Three years after Sonoma State University bought an apartment complex in Petaluma to house university employees, weak demand for the units forced university officials to open the development to the general public and raised new questions about the $ 40 million investment.
The university’s decision in 2018 to buy all 90 Marina Crossing Apartments with public money came as house prices continued to rise following the Great Recession and the Rohnert Park campus, located 16 km to the north, had difficulty attracting teachers.
But the move, once seen as a change in regional workforce housing, has so far failed to affect faculty and staff, according to records.
“We were all hoping we had more people out there now,” said Neil Markley, associate vice president of administration and finance. “I think there are certain factors (which explain the lack of demand). The other thing we didn’t want to do was put our financial situation at risk in any way. “
The five-story white and blue apartment complex reinforces the Petaluma Marina and serves as a landmark south of Petaluma for motorists on Highway 101 northbound.
But since its purchase in late 2018, Petaluma’s signature building to the east has remained largely vacant, its dozens of unlet rooms overlooking a Sonoma County landscape torn by the escalating housing crisis in the region.
Records uncovered through a California Public Records Act request show that less than 15% of the building’s units were leased in a month in 2019. As of September 2020, only 25% of the 90 units were leased.
Although the numbers have risen steadily, most of the housing gains came as a result of the university’s decision to open units to the general public, which began in October 2020, according to records.
For Lauren Morimoto, president of the Academic Senate of the SSU, the lack of success came as no complete surprise, although she was not entirely comfortable questioning the decision she called it as an “example of poorly executed good intentions”.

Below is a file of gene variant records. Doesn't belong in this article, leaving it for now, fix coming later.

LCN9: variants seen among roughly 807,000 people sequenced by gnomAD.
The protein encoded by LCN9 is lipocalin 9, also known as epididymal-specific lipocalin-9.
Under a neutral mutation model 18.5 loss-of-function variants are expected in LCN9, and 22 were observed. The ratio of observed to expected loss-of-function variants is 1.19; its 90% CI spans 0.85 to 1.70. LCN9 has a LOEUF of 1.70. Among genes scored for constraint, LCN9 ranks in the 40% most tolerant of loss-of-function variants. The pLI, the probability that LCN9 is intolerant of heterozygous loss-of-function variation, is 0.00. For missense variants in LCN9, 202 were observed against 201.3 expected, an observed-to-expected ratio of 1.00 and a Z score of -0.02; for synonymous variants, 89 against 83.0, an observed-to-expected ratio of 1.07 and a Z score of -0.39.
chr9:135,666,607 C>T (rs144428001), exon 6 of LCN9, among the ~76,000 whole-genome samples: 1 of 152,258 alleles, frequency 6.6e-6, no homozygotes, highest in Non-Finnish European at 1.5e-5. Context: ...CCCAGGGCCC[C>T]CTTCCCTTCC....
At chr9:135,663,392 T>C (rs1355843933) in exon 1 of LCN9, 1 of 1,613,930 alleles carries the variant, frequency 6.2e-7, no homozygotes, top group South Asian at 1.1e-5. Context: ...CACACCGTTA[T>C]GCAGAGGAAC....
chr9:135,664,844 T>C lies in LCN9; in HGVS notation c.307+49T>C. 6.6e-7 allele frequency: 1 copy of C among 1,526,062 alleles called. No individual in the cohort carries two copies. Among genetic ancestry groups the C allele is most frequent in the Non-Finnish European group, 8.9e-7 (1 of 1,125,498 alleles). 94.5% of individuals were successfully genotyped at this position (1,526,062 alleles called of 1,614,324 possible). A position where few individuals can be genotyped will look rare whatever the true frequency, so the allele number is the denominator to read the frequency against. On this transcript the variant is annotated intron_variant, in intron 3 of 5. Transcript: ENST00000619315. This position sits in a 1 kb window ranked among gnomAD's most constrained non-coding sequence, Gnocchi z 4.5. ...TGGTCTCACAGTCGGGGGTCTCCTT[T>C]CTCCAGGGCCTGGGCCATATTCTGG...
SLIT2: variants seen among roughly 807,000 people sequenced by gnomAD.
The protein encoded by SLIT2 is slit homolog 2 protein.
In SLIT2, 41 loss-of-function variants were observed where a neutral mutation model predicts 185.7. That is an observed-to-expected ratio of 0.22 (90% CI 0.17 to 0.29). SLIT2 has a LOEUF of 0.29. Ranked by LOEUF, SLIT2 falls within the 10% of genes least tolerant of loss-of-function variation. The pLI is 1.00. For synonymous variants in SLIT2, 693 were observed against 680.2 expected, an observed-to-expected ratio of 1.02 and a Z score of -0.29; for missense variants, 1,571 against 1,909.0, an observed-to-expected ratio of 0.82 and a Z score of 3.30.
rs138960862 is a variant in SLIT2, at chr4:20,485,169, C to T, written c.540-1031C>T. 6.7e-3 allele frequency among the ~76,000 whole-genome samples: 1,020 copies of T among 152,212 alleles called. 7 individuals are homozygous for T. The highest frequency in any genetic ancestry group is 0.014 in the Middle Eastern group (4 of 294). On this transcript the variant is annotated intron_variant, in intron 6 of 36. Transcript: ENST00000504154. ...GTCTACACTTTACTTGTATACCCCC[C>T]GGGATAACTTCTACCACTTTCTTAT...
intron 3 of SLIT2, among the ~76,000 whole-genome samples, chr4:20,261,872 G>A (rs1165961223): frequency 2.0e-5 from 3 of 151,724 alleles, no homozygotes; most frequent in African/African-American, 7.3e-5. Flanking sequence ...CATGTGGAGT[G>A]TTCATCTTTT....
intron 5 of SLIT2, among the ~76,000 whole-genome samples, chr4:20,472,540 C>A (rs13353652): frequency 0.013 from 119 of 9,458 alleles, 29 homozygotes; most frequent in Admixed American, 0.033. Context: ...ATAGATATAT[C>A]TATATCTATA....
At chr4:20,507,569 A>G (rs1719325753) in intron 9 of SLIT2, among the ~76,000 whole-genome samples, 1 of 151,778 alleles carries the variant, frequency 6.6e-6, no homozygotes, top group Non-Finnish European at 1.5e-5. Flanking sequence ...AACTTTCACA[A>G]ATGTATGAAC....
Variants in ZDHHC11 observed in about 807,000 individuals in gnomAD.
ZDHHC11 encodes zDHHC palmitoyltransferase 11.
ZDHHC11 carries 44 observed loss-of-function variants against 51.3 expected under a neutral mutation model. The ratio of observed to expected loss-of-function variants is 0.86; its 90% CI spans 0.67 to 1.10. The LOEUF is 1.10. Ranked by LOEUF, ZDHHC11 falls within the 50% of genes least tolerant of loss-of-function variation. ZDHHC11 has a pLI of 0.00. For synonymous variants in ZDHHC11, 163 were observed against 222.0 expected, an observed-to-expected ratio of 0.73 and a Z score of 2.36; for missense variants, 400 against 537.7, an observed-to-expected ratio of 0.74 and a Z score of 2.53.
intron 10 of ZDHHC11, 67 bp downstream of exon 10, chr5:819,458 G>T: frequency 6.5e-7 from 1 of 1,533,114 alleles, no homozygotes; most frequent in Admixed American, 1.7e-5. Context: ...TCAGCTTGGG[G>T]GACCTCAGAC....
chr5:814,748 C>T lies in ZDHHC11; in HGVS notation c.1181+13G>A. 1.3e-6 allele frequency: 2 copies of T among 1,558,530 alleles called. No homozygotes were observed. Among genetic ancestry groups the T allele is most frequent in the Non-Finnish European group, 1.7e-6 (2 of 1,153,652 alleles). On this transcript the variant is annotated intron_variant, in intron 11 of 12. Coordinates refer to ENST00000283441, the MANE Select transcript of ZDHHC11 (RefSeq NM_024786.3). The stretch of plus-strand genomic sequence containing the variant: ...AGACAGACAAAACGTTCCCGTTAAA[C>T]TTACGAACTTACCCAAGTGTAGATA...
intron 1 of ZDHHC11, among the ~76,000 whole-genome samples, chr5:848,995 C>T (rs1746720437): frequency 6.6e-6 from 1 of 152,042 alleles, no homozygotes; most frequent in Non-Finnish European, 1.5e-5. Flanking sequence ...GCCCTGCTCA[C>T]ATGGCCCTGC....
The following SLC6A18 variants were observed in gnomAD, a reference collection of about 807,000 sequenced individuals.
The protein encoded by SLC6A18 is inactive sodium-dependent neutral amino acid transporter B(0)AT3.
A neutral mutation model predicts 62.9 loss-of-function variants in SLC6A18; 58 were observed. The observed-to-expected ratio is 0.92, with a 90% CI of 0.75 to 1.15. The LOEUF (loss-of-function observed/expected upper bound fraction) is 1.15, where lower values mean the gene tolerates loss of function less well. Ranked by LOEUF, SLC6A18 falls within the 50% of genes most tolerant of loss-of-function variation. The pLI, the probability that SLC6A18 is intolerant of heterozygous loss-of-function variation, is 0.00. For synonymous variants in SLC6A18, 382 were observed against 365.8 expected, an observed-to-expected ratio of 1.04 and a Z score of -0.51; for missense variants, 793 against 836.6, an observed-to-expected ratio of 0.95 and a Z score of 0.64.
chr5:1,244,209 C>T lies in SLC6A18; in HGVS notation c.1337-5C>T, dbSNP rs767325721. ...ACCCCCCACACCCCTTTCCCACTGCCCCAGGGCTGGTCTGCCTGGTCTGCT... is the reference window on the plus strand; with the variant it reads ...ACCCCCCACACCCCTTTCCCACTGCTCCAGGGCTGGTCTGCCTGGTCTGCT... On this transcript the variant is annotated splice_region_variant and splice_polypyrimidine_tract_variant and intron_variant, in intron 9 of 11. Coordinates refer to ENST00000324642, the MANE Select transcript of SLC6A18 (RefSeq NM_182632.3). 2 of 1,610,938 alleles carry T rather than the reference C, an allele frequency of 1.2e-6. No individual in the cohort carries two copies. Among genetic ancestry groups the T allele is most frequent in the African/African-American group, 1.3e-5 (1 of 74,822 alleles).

When SSU President Judy Sakaki convened the University’s Housing Task Force, made up of faculty, staff and students, the construction of the Marina Crossing Apartments by Petaluma-based Basin Street Properties, was already in progress.
JLL, the global real estate investment consultant SSU hired to guide the university’s push towards greater housing options for employees, has connected school officials with Basin Street Properties. And with a massive JLL-run survey showing the need for 118 units for university employees, the 90-unit building seemed to fit well, officials said at the time.
Sakaki cited the housing crisis in Sonoma County, exacerbated by the deadly 2017 forest fires, which destroyed 5,300 homes, including the one in Sakaki, as the main reason for the investment. Additionally, at a California State University board meeting on November 14, 2018, Sakaki said that 20% of SSU employee applicants declined job offers due to issues. housing.
Trustees praised SSU’s leadership and approved the project, including the university’s plan to fund the $ 42 million purchase in part through reserve spending of $ 5.5 million. The remainder would come from bond debt issued by the state of California system.
A spokesperson for California State University said college accommodation provided by the university was fairly common, but it could not provide a system-wide list. Yet in 2018 there were questions about the investment, including from an SSU speaker who hesitated over pricing for potential tenants.
Market-based prices at the resort range from $ 1,960 to $ 3,095, with a small discount for SSU employees. For Morimoto, the way SSU marketed its investment did not match the needs of faculty and staff.
“SSU’s own language showed its lack of clarity on who this housing would actually serve,” she said. “(Administrators) pointed out that SSU provides affordable housing to its staff at lower than market rates. When the apartments were about to open I saw the prices and would have had a hard time affording it.
SSU employs approximately 1,400 people on its 269-acre campus.
The campus-wide survey suggested the university needed nearly 300 units for faculty and staff – 118 rental units and 174 units for sale, according to the survey.
But as of August 2021, the Marina Crossing Apartments had never accommodated more than 25 SSU employees.
Along with a lack of demand from faculty and staff, officials say a sharp drop in housing income was at least partly responsible for the university’s decision to start renting apartments to the general public. Financial records obtained by the Argus-Courier show that the university earned around $ 26 million in rental income per year in 2018 and 2019. But when the COVID-19 pandemic led school principals to empty into much of the campus in 2020, these revenues have fallen to $ 4.4 million.